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Sunday / 23 June 2024
HomeFeaturesWhy some roads in Cape Town deteriorate a lot faster than others

Why some roads in Cape Town deteriorate a lot faster than others

According to the City of Cape Town’s Roads Infrastructure Management Department, some roads in and around the major metro degrade faster than others due to external factors such as illegal occupation and activities in certain areas, criminal elements that hamper critical road maintenance and upgrade projects, and, particularly in winter, heavy rainfall that amplifies the damages cars inflict on tarmac when driving over it.

This in response to allegations that the city “ignores requests to repair dilapidated roads in certain parts of Cape Town,” said Councillor Rob Quintas, Mayoral Committee Member for Urban Mobility.

“The deterioration of roads and formation of potholes during winter is a common occurrence as it is directly related to heavy rainfall,” he said.

When it rains and the water accumulates on the road, vehicle tyres squeeze the water into the pavement. In turn, the repeated pump action between the road surface and the tyres causes the road to crack and thus potholes are formed.

Matters are exacerbated in specific parts of Cape Town by external factors such as illegal occupation of territory, illegally discharged grey water from washing machine outlets, water stand pipes next to the road being left open and running, and illegal dumping within stormwater and sewer infrastructure that lead to overspills and blockages, said Quintas.

The most recent complaint centred around the current state of Oliver Tambo Drive in Samora Machel, which has been resurfaced twice within the past three years; in June 2021 and again in May 2022.

“The cause of Oliver Tambo Drive’s deterioration can be attributed to heavy rainfall, open-stand pipes left running, vandalism of infrastructure, illegal car wash establishments, and illegal water and sewer connections,” said the councillor.

The city has also received criticism over Japtha K Masemola Road in Makhaza.

“The main contributing factor to Japtha K Masemola Road’s deterioration is the illegal occupation of the wetland,” said Quintas.

“Structures have been built over critical stormwater infrastructure which prevents stormwater from draining, which then floods the road thus affecting the road surface.”

For this specific area, the city is currently engaging with the Human Settlements Department to look at the possible relocation of such structures to ensure alternative drainage options are available.

As Japtha K Masemola Road is near a wetland, this intervention also requires participation from the Environmental Management department before any permanent resurfacing works can be scheduled.

“In the interim, the City will continue infilling potholes with ‘coldmix’ under the current wet winter conditions to ensure the road surface is drivable,” said Quintas.

“Permanent repairs will not be effectively achieved when a road or the base layers underneath the road are still wet.”

Permanent repairs entail cutting the existing road surface around the pothole, preparing the base course, applying tack coat to the prepared base course, and finally placing the hot premix, which must be done after the annual rainfall period.

“The City urges residents to please refrain from throwing dishwater onto the roads and dumping solid waste items illegally. Soap, effluent, and fats eat through the asphalt. If we do not stop illegal dumping into the system, we cannot guarantee that sewer spills will ever stop or even occur less frequently,” said the councillor.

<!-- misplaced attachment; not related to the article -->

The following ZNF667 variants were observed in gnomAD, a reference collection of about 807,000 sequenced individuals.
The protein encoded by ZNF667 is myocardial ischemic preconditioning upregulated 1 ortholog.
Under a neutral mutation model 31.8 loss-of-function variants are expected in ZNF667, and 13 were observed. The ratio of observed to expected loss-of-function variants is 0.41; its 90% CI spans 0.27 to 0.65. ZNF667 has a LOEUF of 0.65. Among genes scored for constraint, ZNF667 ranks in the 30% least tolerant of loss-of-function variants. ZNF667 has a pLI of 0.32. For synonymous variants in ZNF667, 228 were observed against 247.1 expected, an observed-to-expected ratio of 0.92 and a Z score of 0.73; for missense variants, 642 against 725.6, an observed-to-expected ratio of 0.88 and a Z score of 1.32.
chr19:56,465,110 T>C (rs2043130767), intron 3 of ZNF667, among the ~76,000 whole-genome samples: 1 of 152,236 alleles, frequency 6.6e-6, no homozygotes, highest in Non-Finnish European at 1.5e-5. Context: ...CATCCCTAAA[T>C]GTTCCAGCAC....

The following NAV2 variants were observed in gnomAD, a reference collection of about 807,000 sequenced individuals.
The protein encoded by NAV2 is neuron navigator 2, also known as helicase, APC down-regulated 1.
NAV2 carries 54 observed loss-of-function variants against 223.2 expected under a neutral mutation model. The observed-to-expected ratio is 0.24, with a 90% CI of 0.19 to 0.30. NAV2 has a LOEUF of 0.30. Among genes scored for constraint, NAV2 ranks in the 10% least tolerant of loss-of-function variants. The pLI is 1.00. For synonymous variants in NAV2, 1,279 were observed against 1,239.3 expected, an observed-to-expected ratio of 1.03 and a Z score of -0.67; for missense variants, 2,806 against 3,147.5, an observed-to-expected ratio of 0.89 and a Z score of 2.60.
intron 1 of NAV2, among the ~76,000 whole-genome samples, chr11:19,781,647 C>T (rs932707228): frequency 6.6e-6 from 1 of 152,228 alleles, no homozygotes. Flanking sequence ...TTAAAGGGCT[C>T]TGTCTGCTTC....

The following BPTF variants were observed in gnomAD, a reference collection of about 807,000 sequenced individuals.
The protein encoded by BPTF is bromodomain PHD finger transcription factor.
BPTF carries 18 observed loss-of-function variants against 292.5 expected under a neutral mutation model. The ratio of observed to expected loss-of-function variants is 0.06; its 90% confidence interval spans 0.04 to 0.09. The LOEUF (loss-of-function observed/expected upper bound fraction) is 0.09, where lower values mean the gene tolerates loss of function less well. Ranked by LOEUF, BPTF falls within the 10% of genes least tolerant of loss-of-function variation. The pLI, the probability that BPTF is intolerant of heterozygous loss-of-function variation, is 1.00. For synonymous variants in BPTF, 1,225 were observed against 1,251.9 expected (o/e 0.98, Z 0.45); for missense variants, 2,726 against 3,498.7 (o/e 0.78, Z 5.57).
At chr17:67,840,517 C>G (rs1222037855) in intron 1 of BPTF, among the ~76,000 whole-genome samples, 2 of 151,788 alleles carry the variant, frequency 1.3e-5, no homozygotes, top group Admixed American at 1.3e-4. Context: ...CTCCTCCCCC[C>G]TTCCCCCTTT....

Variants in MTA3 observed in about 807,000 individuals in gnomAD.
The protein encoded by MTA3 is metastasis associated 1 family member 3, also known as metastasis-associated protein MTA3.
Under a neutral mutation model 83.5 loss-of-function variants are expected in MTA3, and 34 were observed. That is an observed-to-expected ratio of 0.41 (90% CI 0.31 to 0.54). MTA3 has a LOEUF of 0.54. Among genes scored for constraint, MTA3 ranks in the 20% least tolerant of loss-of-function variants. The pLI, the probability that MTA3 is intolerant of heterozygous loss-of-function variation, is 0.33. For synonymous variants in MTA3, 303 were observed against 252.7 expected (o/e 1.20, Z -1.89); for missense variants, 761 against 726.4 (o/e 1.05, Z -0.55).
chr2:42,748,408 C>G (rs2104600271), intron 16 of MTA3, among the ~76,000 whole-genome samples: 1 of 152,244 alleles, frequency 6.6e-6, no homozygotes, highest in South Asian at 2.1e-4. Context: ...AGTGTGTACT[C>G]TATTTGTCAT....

“We further plead with residents to not illegally occupy canals or retention ponds, or build over our stormwater infrastructure.”

7 road upgrades stopped by Mafias

In addition to the above elements, “extortion and other criminal activities such as hijackings and armed robberies” in certain areas of Cape Town affect the speedy rehabilitation of roads, said Quintas.

In June, the city’s Urban Mobility Directorate issued a notice that at least seven major projects to the tune of R58.6 million, ranging from the construction of new public transport infrastructure to road and stormwater maintenance, were held up or completely stopped due to threats and intimidation by “mafia-style extortionists.”

The jobs included:

  • Delft – Roads resealing and stormwater repairs project
  • Bishop Lavis – Upgrading of various roads and associated works
  • Khayelitsha – Walter Sisulu / Lindela roundabout with R600,000 at risk in unspent capital budget
  • Kalksteenfontein – Roads rehabilitation project with R16.9 million at risk in unspent capital budget
  • Delft – Rehabilitation of Delft Main Road, from Stellenbosch Arterial to Silversands Road with R13.5 million at risk in unspent capital budget
  • Brooklyn – Installation of traffic calming measures and footways, including sidewalk and embayment construction with R195,000 at risk in unspent capital budget
  • Khayelitsha and Mitchells Plain – Construction of new MyCiTi depots on the corner of Spine Road and Mew Way with R27.4 million at risk in unspent capital budget

Quintas said these groups are holding the city ransom with “threats, intimidation, and tragically, outright murder” of the contractors on site in an attempt to “siphon public capital into their own pockets.”

This comes at the expense of the citizens living in the areas, which primarily include Cape Town’s “most vulnerable communities” such as Delft, Khayelitsha, and Mitchells Plain, he said.

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